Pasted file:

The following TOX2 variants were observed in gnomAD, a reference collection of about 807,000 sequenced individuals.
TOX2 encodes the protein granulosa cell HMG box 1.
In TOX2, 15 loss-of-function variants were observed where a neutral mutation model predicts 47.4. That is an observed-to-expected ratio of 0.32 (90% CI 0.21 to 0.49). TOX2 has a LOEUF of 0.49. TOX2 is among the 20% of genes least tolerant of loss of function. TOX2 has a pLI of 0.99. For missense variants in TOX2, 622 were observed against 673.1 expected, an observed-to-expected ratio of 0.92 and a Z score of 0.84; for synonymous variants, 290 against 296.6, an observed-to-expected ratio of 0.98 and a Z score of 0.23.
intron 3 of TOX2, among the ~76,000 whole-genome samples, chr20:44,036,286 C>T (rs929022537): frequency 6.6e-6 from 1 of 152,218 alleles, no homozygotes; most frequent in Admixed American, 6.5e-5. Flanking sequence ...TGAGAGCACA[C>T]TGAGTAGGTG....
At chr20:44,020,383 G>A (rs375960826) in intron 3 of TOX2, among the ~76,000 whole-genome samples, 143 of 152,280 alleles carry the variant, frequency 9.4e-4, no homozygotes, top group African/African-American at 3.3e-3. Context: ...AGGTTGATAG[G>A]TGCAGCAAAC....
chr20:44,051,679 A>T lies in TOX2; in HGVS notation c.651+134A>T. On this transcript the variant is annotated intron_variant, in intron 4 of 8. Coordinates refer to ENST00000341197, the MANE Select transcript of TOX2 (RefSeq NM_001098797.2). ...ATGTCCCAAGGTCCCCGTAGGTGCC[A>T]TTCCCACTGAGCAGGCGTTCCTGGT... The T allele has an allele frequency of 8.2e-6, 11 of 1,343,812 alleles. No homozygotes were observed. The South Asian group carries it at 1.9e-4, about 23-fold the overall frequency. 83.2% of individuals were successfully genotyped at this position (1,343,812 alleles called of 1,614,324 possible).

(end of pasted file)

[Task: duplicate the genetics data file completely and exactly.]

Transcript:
The following TOX2 variants were observed in gnomAD, a reference collection of about 807,000 sequenced individuals.
TOX2 encodes the protein granulosa cell HMG box 1.
In TOX2, 15 loss-of-function variants were observed where a neutral mutation model predicts 47.4. That is an observed-to-expected ratio of 0.32 (90% CI 0.21 to 0.49). TOX2 has a LOEUF of 0.49. TOX2 is among the 20% of genes least tolerant of loss of function. TOX2 has a pLI of 0.99. For missense variants in TOX2, 622 were observed against 673.1 expected, an observed-to-expected ratio of 0.92 and a Z score of 0.84; for synonymous variants, 290 against 296.6, an observed-to-expected ratio of 0.98 and a Z score of 0.23.
intron 3 of TOX2, among the ~76,000 whole-genome samples, chr20:44,036,286 C>T (rs929022537): frequency 6.6e-6 from 1 of 152,218 alleles, no homozygotes; most frequent in Admixed American, 6.5e-5. Flanking sequence ...TGAGAGCACA[C>T]TGAGTAGGTG....
At chr20:44,020,383 G>A (rs375960826) in intron 3 of TOX2, among the ~76,000 whole-genome samples, 143 of 152,280 alleles carry the variant, frequency 9.4e-4, no homozygotes, top group African/African-American at 3.3e-3. Context: ...AGGTTGATAG[G>A]TGCAGCAAAC....
chr20:44,051,679 A>T lies in TOX2; in HGVS notation c.651+134A>T. On this transcript the variant is annotated intron_variant, in intron 4 of 8. Coordinates refer to ENST00000341197, the MANE Select transcript of TOX2 (RefSeq NM_001098797.2). ...ATGTCCCAAGGTCCCCGTAGGTGCC[A>T]TTCCCACTGAGCAGGCGTTCCTGGT... The T allele has an allele frequency of 8.2e-6, 11 of 1,343,812 alleles. No homozygotes were observed. The South Asian group carries it at 1.9e-4, about 23-fold the overall frequency. 83.2% of individuals were successfully genotyped at this position (1,343,812 alleles called of 1,614,324 possible).